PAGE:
True, two drive-throughs already exist inside the Suttons Bay Village limits. Both are located at banks. In the past year, the third bank doing business in town proposed a drive-through in the heart of downtown. The plan was controversial; area residents took to the streets and let their opposition be known. Some residents were opposed to any additional drive-throughs and some were only opposed to a drive-through at the proposed location. Although the bank eventually withdrew its plan, public sentiment led the Planning Commission to propose an amendment to the zoning ordinance that would prohibit all future drive-throughs in the village. The Village Council, however, voted unanimously to reject the drive-through ban. Council members said the village should be open to the possibility of drive-throughs. Meanwhile, the third bank has again submitted a site plan to the village for a branch with a drive-through, this time asking to be located a few blocks from downtown. The discussion continues.

What are other communities doing? Some large cities, like Toronto, are actually allowing fewer drive-throughs and placing more restrictions on them citing health and safety reasons. The health reasons are obvious. Exhaust fumes are detrimental to all forms of life and to the climate of the earth as a whole. That has been proven over and over. Also, it is healthier for all humans to shut off the ignition and walk, using actual muscles, into a business establishment. Safety becomes a factor when lines of cars waiting for donuts and hot coffee impede other vehicles and pedestrians alike. Toronto sees all of this and is working to change the situation.

How are businesses responding? Locally, the Sutton Bay Area Library has a delivery and pick up service for their patrons who, for whatever reason, can’t get to the library itself. Traverse City State Bank offers pick up and delivery of banking for its business customers. Area shopkeepers don’t have to tack a note on the store’s door that says "Be back in ten minutes" and lose potential customers while making yesterday’s deposit. The bank comes to the store. In other locations, many fast-food conglomerates are seeing that smaller, more efficient restaurants are more profitable than the traditional ones with drive-throughs. These smaller establishments fit better into communities and neighborhoods; they are accepted and supported by the surrounding area. This is what progressive businesses are investing in.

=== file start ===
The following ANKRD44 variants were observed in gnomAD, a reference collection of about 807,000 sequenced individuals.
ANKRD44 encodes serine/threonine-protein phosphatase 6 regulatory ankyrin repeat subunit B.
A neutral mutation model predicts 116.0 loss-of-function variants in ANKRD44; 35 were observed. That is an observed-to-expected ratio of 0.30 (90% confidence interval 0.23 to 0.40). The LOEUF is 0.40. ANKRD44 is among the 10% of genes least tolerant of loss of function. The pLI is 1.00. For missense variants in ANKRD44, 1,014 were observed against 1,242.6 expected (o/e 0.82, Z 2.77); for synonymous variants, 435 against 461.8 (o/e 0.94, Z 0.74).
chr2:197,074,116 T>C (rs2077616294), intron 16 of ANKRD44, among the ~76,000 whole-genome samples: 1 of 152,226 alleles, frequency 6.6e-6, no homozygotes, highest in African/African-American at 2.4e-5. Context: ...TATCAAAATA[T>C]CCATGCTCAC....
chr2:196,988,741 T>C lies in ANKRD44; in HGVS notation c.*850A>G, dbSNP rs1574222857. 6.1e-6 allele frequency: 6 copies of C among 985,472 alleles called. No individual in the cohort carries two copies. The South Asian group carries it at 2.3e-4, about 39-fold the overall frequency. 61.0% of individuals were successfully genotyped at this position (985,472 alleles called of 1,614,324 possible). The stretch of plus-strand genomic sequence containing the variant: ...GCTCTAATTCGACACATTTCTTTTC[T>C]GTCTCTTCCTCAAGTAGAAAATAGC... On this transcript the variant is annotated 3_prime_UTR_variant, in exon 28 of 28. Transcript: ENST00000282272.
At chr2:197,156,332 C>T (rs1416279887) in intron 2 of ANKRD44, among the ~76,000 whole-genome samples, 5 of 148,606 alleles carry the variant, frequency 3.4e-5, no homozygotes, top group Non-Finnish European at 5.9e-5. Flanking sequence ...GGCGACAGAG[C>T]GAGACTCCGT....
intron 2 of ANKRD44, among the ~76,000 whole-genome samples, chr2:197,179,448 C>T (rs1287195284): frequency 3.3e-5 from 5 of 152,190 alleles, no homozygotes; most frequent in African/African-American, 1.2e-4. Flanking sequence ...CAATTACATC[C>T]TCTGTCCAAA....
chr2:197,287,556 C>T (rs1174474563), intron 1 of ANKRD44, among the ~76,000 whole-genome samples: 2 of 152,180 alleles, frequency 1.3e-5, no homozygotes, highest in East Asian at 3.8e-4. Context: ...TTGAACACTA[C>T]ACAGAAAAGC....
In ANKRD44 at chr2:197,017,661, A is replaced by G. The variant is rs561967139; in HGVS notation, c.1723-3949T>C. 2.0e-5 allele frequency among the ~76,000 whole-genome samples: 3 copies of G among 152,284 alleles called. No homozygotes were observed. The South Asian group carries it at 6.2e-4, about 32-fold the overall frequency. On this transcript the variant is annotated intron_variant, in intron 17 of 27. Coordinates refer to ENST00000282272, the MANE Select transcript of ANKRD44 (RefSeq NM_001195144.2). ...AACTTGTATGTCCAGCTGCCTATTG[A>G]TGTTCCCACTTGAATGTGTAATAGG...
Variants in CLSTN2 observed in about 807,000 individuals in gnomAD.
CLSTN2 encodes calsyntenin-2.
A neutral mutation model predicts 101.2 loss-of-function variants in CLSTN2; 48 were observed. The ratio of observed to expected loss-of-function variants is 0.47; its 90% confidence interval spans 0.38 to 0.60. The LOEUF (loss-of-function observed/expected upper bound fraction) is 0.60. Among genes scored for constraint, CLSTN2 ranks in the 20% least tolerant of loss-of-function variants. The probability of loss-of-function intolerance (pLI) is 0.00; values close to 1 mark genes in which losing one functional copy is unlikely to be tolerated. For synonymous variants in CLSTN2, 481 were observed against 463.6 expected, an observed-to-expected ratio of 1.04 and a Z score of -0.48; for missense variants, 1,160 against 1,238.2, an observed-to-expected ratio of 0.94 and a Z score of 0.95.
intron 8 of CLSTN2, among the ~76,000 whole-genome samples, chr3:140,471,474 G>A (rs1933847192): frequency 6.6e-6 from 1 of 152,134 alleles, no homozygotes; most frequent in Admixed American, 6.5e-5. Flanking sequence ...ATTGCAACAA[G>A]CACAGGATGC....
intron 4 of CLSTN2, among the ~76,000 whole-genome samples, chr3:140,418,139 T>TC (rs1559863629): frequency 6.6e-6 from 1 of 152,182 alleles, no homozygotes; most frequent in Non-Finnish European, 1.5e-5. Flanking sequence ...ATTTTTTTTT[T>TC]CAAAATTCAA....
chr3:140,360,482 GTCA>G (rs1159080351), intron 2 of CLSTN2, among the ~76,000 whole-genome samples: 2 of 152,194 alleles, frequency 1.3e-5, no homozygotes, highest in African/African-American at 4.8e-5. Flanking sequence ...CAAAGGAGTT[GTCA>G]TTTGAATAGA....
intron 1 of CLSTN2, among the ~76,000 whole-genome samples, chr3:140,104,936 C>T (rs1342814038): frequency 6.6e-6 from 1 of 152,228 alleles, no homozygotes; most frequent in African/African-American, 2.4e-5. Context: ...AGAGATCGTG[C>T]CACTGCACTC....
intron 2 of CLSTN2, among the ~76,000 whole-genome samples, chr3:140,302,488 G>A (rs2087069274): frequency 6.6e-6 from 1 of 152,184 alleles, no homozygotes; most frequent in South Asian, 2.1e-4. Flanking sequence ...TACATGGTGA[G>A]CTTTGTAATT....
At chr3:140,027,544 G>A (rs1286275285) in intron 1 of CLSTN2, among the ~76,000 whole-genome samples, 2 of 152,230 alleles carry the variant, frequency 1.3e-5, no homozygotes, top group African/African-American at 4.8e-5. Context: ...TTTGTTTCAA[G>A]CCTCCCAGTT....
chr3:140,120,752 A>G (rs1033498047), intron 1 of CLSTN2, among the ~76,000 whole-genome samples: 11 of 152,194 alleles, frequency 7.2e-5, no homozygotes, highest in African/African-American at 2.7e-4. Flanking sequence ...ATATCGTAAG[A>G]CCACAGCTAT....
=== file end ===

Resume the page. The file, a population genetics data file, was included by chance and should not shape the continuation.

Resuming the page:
Just as larger communities are turning away from drive-throughs, Suttons Bay finds itself now considering whether to allow more. Suttons Bay has to be mindful of being reactive instead of being proactive. To react is to take action after the fact. To be proactive is to plan for action, in advance of changes needed.

It has been said that to compromise a strongly protected sense-of-place is to compromise the integrity of a community, that a successful community and its commerce and economy is directly related to its character, and that its standards should never be lowered. People flock to towns like Suttons Bay because of how they exist today – and today they are different that all the communities in southern Michigan that run together in their sameness. The Up North towns are walkable, inviting, and not overrun with pavement and parking lots. To take steps toward making these Up North towns function the same as those towns downstate will make them less different, and thus less attractive to those who come and spend their vacation days and retirement years within these towns. If Up North becomes the same as downstate, why would anyone ever come to Suttons Bay?

Suttons Bay can take a stand. It can stand for Character. It can stand for the belief in human interaction. It can be a welcoming community where, if you are unable to get out and about, the integrity of the community comes to your door. It takes care of you. Imagine having a human interaction as your prescriptions are delivered to your door instead of receiving them with a whoosh of stale air from a nameless pneumatic tube. Then the next knock at your door brings a stack of new books, movies and some new music the librarian thought you might enjoy. That’s a community many would choose to live in.